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The Http_lua_options file has many functions that can be enabled and disabled to ensure proper parsing of your traffic.  One of the functions that is not listed in the OOTB options file is the browserprint function.  This is often deployed during RSA Incident Response engagements to give a bit more detail about the headers in HTTP sessions and their order/occurrence.

 

To enable browserprint, do the following:

 

Edit the http_lua_options file (on the decoder):

 

function browserprint()
--[=[
"Browserprint" : default FALSE
Whether to register a "fingerprint" of the browser based upon the specific headers
seen in the request. The format of this browserprint value is:
Position 1 is HTTP version: 0 = HTTP/1.0, 1 = HTTP/1.1
Remaining positions are in order that the header was seen. Only
the below listed headers are included in the fingerprint:
1 = accept / 2 = accept-encoding
3 = accept-language / 4 = connection
5 = host / 6 = user-agent
Example "15613":
HTTP/1.1
HOST:
USER-AGENT:
ACCEPT:
ACCEPT-LANGUAGE:
(other headers may have appeared between those headers)
The usefulness of this meta is not necessarily in determining "good" or "bad"
browser fingerprints. Rather, it is more useful to look for outliers. For
example if the majority of values are 15613 with just a few being 15361, then
the sessions with 15361 may be worth investigation.
--]=]
return true
end

 

Next, restart the decoder service.

 

On your index-concentrator-custom.xml file (on the concentrator), add the following key:

<key description="Browser Print" format="Text" level="IndexValues" name="browserprint" defaultAction="Closed" valueMax="500000" />

 

Next, restart the concentrator service.

 

Update the ESA Explore setting below to make sure ESA sets the values as string[] (array) and not string.

 

Admin > ESA > Explore >
/workflow/source/netGenAggregationSource/ArrayFieldNames

Add browserprint to the end of the line

 

Now you have the ability to generate the browserprint numbers as new sessions arrive at the decoder.

 

Next question... what do those numbers actually mean in the browserprint key?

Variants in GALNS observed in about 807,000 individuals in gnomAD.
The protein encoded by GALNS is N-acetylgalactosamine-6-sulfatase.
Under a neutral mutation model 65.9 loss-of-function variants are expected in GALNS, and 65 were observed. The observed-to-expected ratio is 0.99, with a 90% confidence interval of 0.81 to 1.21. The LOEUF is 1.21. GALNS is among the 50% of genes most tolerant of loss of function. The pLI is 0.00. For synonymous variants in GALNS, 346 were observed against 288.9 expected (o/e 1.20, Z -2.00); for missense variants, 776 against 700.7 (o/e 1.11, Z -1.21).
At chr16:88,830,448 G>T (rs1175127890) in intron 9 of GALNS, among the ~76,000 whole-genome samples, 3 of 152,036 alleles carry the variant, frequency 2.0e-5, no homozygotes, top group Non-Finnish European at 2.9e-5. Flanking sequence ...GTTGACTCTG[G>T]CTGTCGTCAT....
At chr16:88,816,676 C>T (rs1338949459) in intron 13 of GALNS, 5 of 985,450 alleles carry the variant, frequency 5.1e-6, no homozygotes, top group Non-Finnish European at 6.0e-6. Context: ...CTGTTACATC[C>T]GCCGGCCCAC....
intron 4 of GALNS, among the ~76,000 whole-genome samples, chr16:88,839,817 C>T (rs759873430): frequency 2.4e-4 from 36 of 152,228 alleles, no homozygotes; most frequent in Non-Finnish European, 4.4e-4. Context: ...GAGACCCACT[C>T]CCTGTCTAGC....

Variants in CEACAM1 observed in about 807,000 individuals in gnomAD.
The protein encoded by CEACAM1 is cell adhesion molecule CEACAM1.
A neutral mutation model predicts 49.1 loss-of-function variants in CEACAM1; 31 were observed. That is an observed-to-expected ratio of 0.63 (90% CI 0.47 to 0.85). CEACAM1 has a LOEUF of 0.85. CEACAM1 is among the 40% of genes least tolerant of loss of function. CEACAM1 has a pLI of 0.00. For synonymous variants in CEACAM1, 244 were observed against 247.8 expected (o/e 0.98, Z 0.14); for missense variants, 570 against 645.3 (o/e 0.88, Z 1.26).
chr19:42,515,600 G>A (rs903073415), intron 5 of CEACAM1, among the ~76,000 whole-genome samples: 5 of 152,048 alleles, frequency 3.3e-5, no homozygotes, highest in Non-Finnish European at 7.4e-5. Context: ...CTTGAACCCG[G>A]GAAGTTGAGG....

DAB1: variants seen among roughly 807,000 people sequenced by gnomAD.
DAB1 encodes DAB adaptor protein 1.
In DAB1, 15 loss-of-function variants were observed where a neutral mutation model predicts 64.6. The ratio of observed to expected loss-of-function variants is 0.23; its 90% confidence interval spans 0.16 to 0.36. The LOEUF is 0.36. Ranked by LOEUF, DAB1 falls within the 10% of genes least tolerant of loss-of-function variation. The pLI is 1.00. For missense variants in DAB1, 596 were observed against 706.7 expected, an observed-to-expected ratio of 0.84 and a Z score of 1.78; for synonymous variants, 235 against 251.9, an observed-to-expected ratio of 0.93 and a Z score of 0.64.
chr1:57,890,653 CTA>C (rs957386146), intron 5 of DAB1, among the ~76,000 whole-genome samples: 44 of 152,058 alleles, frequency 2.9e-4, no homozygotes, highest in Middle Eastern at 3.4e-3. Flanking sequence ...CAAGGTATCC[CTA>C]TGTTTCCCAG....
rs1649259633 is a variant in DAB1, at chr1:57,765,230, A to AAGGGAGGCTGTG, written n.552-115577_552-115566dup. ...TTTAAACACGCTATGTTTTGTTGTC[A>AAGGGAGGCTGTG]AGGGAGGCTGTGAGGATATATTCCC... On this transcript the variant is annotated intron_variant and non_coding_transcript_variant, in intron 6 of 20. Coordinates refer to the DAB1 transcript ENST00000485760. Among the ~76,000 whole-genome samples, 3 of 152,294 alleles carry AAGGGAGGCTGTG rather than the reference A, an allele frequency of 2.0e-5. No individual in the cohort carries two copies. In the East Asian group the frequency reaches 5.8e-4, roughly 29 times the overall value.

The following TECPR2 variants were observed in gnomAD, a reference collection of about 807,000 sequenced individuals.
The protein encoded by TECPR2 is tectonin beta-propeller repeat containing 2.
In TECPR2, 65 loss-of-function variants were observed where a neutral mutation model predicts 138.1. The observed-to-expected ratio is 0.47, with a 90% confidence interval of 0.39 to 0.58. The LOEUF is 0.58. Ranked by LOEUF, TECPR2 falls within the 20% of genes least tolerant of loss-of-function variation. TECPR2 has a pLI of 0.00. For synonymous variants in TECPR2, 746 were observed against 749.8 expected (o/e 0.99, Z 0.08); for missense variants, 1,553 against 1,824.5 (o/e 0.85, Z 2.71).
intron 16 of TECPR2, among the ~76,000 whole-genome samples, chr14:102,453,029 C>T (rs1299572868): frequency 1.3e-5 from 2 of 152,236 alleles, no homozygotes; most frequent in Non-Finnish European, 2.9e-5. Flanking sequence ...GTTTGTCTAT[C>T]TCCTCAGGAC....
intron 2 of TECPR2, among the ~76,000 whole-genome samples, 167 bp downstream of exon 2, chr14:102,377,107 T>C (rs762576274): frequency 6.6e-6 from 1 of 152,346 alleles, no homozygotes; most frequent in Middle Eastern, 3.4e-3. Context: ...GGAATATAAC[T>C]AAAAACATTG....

From the code above this is the explanation:

Registers a "fingerprint" of the browser based upon the specific headers seen in the request. The format of this browserprint value is:

 

Position 1 is HTTP version: 0 = HTTP/1.0, 1 = HTTP/1.1

 

Remaining positions are in order that the header was seen. Only the below listed headers are included in the fingerprint:
1 = accept

2 = accept-encoding
3 = accept-language

4 = connection
5 = host

6 = user-agent


Example "15613":


1 - HTTP/1.1
5 - HOST:
6 - USER-AGENT:
1 - ACCEPT:
3 - ACCEPT-LANGUAGE:
(other headers may have appeared between those headers)


The usefulness of this meta is not necessarily in determining "good" or "bad" browser fingerprints. Rather, it is more useful to look for outliers. For example if the majority of values are 15613 with just a few being 15361, then the sessions with 15361 may be worth investigation.

 

What does this look like with more traffic?

 

Simply by looking over a large set of data you can start to see that certain patterns are uncommon and unusual.. those could be investigated to see what they were and if they were interesting.

 

Lets Take this a step farther, can we use this Browserprint data point in combination with other metakeys to  find more specific unusual communication patterns?  Browserprint allows us to take a look at the 'crowd' of common HTTP headers and orders and determine outliers.  What if that was combined with user agent information, destination hosts, outbound traffic direction and the number of source IP addresses?

 

This could give us a method to see the rare combinations of source IP to destination host, outbound, with the same rare Browserprint number (along with the destination org, and the de-duped list of unique UA that match the HTTP communications).

 

The Report and Rule syntax

name: "browserprintUA-Rare-Mozilla"
description: ""
path_for_export: "rsa-custom/browserprint/browserprintUA-Rare-Mozilla"
query {
data_source_type: NWDB
netwitness_query {
select: "browserprint,count(browserprint),count(ip.src),distinct(client),distinct(alias.host),distinct(org.dst)"
where: "browserprint exists && client exists && direction=\'outbound\' && client contains \'mozilla\'"
group_by_keys: "AGGREGATE"
order_by_keys {
column_name: "count(browserprint)"
sort_order: ASCENDING
}
order_by_keys {
column_name: "count(ip.src)"
sort_order: ASCENDING
}
limit_results_count: 100
then_clause: "max_threshold(50,count(ip.src))"
agg_session_threshold: 0
group_by: "browserprint"
alias_names: ""
}
data_source_name: ""
}

 

name: "browserprintUA-Rare-NonMozilla"
description: ""
path_for_export: "rsa-custom/browserprint/browserprintUA-Rare-NonMozilla"
query {
data_source_type: NWDB
netwitness_query {
select: "browserprint,count(browserprint),count(ip.src),distinct(client),distinct(alias.host),distinct(org.dst)"
where: "browserprint exists && client exists && direction=\'outbound\' && not(client contains \'mozilla\')"
group_by_keys: "AGGREGATE"
order_by_keys {
column_name: "count(browserprint)"
sort_order: ASCENDING
}
order_by_keys {
column_name: "count(ip.src)"
sort_order: ASCENDING
}
limit_results_count: 100
then_clause: "max_threshold(50,count(ip.src))"
agg_session_threshold: 0
group_by: "browserprint"
alias_names: ""
}
data_source_name: ""
}

 

When put in a report and run in a lab environment you get something like this when broken down between mozilla or non-mozilla useragents.  Sorted by least occurrance and with a max threshhold of 50 to make sure we focus on the rare Browserprint combinations.

 

Report and rules are listed here to test and provide feedback.

GitHub - epartington/rsa_nw_re_browserprint-rare: Browserprint http_lua_options for rarity 

 

Happy hunting

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